There was a sufficient chill in the evening air to pull on the pullover that had been brought only as an afterthought. There had been an intention to take a long walk on a fine June evening, but there were also telephone calls to make. Walking more slowly meant catching sight of a footpath that must have been passed on previous walks. It shortened the planned circuit considerably, emerging at the back of the churchyard of Saint Deiniol’s Chuch in Hawarden.
An incoming call meant lingering in the graveyard, where no-one would hear the conversation, and catching sight of a signpost for a “Crimean War Grave,” the grave was not found, but at the western edge of the churchyard, among graves of members of the Gladstone family, there was a grave from the Second World War. It spoke of family heartbreak, two sons lost, one at the age of 20, the other at the age of 27. The inscription reads:
J.N.W. Parish R.N. (V.R.)
17th May 1941 Age 20
His brother David
Pilot Officer R.A.F (V.R.)
was lost on operations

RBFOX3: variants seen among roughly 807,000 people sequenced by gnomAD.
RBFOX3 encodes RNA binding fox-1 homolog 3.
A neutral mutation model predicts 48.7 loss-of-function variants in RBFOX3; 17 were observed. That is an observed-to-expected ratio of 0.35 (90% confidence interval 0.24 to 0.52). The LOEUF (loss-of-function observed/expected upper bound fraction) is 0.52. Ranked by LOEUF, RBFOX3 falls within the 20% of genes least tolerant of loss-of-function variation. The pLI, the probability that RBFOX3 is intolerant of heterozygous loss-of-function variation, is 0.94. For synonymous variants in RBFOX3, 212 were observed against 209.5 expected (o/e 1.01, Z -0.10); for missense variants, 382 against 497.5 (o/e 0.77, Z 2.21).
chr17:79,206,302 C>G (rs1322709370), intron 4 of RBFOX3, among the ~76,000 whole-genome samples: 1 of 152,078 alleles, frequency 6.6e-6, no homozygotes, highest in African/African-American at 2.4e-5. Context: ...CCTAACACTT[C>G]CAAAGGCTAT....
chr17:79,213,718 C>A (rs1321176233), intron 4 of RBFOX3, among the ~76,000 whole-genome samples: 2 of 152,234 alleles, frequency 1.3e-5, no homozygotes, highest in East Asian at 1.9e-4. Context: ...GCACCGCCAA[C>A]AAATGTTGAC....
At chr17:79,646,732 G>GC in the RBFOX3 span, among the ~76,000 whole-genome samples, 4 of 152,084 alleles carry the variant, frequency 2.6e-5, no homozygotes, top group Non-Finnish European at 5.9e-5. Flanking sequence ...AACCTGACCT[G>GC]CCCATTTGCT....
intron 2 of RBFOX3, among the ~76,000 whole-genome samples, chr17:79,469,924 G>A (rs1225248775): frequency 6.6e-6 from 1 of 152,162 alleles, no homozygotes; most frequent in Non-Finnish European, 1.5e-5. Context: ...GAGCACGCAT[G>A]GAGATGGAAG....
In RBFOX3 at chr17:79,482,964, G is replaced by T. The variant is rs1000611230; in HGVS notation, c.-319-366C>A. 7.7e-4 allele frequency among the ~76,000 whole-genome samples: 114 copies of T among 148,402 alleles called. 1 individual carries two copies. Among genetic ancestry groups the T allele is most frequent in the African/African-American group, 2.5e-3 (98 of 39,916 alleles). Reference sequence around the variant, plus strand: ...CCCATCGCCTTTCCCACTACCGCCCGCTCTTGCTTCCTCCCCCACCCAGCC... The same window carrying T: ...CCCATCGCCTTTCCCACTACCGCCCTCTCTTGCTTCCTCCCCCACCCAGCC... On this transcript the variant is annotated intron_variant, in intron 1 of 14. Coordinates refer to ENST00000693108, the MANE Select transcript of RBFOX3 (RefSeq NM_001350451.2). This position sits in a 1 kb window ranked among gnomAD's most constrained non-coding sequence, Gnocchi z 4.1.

11th February 1942 Age 27
The gravestone was in the unmistakeable style of the Commonwealth War Graves Commission. Sure enough, the two sons are listed on the CWGC website, it being noted that John Neville Woodbine Parish is buried at Saint Deniol’s Churchyard, while his brother David Francis Woodbine parish was commemorated on the Malta Memorial. They are recorded as the sons of Lt.-Col. Francis W. Parish, D.S.O., M.C., and of Dorothy Parish, of West Brompton, London.
The War Graves Commission entry for David shows him as flying with 236 Squadron of the Royal Air Force, which is odd, because 236 Squadron does not seem to have operated out of Malta, flying instead over the seas around Britain.
What caught the eye about the gravestone, though, was the detail it showed concerning John. H.M.S Heron is not a ship, it is a Royal Naval Air Station, it is RNAS Yeovilton in Somerset. It is where my father served for more than two decades.
A search for “HMS Heron” and “17th May 1941” revealed the story behind the death of John Parish. A naval history website shows:
FAA, 759 Sqn, Heron, air crash
PARISH, John N W, Py/Ty/Sub Lieutenant (A), RNVR, killed
759 Squadron of the Fleet Air Arm was the naval fighter school. Young John Parish had been killed in training.
The Commonwealth War Graves Commission headstones have a great dignity, it is hard to imagine the pain they represent. In the years that followed, what did Francis and Dorothy Parish think as they stood in a quiet corner of a North Wales churchyard?